(since 1999)



Home   |   Articles   |   Food Trivia   |   Today in Food History   |   Food Timeline   |   Recipes   |   COOKING_TIPS   |   Videos   |   Food Quotes   |   Who’s Who   |   Culinary Schools & Tours   |   Food_Trivia_Quizzes   |   Food Poems   |   Free Magazines   |   Food Festivals and Events

Cooking and Kitchen Tips and Hints, Measurements, Shopping Advice, Serving Ideas, etc.

 You are here > Home

See also: Articles & Trivia


and other Publications

An extensive selection of free magazines and other publications




Kohlrabi will keep 2 to 3 months at 32 - 35 degrees F with very high humidity. This is the USDA recommended storage. Many sources state that it can only be stored for 4 or 5 days. This is not correct.


Kohlrabi may look like a turnip, but its taste is very different, with a sweet, peppery, broccoli/cucumber flavor and crisp texture.  They are excellent raw by itself and in salads, and may also be steamed, stir fried, braised or stuffed. The cooked leaves have a collard like flavor.

Kohlrabi is high in fiber, and excellent source of vitamin C and a good source of potassium. It contains about 40 calories per cup.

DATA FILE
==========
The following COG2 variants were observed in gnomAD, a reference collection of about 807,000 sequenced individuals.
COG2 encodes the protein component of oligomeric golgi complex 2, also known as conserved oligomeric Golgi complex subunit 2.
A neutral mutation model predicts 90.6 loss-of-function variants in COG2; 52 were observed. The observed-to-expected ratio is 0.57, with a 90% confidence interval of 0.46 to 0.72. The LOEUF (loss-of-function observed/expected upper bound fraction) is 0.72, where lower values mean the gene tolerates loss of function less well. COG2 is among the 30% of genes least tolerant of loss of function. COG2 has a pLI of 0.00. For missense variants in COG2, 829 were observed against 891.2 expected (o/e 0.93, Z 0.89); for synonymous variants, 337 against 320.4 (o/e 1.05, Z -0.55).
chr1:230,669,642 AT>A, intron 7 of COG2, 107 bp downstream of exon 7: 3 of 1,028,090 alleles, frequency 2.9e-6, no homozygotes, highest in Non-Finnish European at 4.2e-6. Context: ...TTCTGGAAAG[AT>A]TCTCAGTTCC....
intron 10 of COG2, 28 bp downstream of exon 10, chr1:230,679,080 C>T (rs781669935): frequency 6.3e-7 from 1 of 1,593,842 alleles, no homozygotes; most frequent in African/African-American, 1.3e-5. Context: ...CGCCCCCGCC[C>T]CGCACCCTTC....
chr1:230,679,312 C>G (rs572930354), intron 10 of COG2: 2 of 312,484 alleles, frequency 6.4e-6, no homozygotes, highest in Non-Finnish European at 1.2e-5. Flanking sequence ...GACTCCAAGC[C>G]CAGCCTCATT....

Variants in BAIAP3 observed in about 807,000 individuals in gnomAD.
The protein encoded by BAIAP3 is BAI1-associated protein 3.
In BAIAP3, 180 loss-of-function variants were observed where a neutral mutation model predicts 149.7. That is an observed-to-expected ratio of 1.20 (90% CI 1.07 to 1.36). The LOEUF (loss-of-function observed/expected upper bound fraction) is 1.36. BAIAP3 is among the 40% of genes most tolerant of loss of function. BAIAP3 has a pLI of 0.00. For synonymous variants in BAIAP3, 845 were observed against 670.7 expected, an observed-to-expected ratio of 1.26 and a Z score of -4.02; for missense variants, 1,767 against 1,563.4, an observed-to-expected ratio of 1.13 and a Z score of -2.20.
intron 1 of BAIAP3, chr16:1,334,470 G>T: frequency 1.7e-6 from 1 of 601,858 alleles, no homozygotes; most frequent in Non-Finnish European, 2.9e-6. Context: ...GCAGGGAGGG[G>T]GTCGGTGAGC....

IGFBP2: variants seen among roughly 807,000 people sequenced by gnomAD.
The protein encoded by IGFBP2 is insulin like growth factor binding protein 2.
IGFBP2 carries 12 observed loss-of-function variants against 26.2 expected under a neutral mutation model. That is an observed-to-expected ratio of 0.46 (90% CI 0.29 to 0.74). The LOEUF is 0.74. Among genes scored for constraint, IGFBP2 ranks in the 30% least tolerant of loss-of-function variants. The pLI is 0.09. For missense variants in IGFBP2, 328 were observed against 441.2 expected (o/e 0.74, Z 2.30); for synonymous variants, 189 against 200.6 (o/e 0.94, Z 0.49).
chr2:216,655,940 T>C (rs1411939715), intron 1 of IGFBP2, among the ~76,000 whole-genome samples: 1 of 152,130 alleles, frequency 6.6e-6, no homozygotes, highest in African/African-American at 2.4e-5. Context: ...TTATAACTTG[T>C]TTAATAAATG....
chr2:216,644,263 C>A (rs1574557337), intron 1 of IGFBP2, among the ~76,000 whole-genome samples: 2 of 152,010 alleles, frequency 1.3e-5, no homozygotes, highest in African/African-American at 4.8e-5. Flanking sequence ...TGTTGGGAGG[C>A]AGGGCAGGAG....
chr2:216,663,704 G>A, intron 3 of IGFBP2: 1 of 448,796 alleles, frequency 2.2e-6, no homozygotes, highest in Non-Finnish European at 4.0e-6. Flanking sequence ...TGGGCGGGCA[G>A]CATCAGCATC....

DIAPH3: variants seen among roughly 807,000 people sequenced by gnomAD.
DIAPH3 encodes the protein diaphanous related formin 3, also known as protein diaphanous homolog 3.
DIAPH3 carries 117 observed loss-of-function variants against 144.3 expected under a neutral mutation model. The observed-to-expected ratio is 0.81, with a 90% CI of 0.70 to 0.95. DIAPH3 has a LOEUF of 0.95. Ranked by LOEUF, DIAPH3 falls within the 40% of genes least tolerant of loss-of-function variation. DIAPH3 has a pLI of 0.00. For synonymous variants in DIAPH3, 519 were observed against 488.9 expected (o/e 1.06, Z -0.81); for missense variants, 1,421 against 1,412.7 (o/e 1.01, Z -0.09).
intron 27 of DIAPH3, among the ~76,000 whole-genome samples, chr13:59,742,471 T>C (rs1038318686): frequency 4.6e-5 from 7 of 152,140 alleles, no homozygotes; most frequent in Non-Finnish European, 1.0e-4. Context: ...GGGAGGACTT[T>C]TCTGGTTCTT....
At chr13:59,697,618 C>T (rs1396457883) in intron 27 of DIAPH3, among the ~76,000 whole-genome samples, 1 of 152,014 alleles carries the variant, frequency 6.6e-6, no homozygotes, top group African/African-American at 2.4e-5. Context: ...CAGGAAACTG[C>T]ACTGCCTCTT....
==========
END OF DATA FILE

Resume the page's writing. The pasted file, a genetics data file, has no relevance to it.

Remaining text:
Selected at about the size of a fresh plum, KOHLRABI is excellent eaten raw  after peeling the outer tougher skin and slicing into 1/8 inch slices.  It has the texture of a water chestnut with a mild cabbage-like flavor. Avoid KOHLRABI's larger than that of a small apple if you want to enjoy it raw. I eat most of my crop raw, either as a garnish on salads or fresh from my hydroponic pots. The plants are easy to grow from seeds [readily available] and are cold hardy, surviving freezing temperatures for a few hours.  The plants are less tolerant of the high summer heat in Fla. They grow readily in normal soil but my dogs have discovered the fine quality of KOHLRABI and 'pick it'  before I can get to it, therefore, I must grow it hydroponically, out of their reach.  Cooked KOHLRABI doesn't seem as appealing as the fresh item. This is a much under-appreciated vegetable.

Contributed by Ernest L. Rhamstine, Retired Prof. of Microbiology



  Kaiware to Kumquat   |   Kaiware   |   Kale   |   Ketchup   |   Kissing Crust   |   Kitchen Drains, Disposals   |   "Kitchen Sliced"   |   Kiwi Fruit   |   Kohlrabi   |   Kudzu, Leaves & Roots   |   Kumquat  
  Home   |   About Us & Contact Us   |   Recipes   |   Cooking Basics   |   World Cuisine   |   Other Links  

Please feel free to link to any pages of from your website.
For permission to use any of this content please E-mail: [email protected]
All contents are copyright © 1990 - 2023 James T. Ehler and unless otherwise noted.
All rights reserved.  You may copy and use portions of this website for non-commercial, personal use only.
Any other use of these materials without prior written authorization is not very nice and violates the copyright.
Please take the time to request permission. Logo


Popular Pages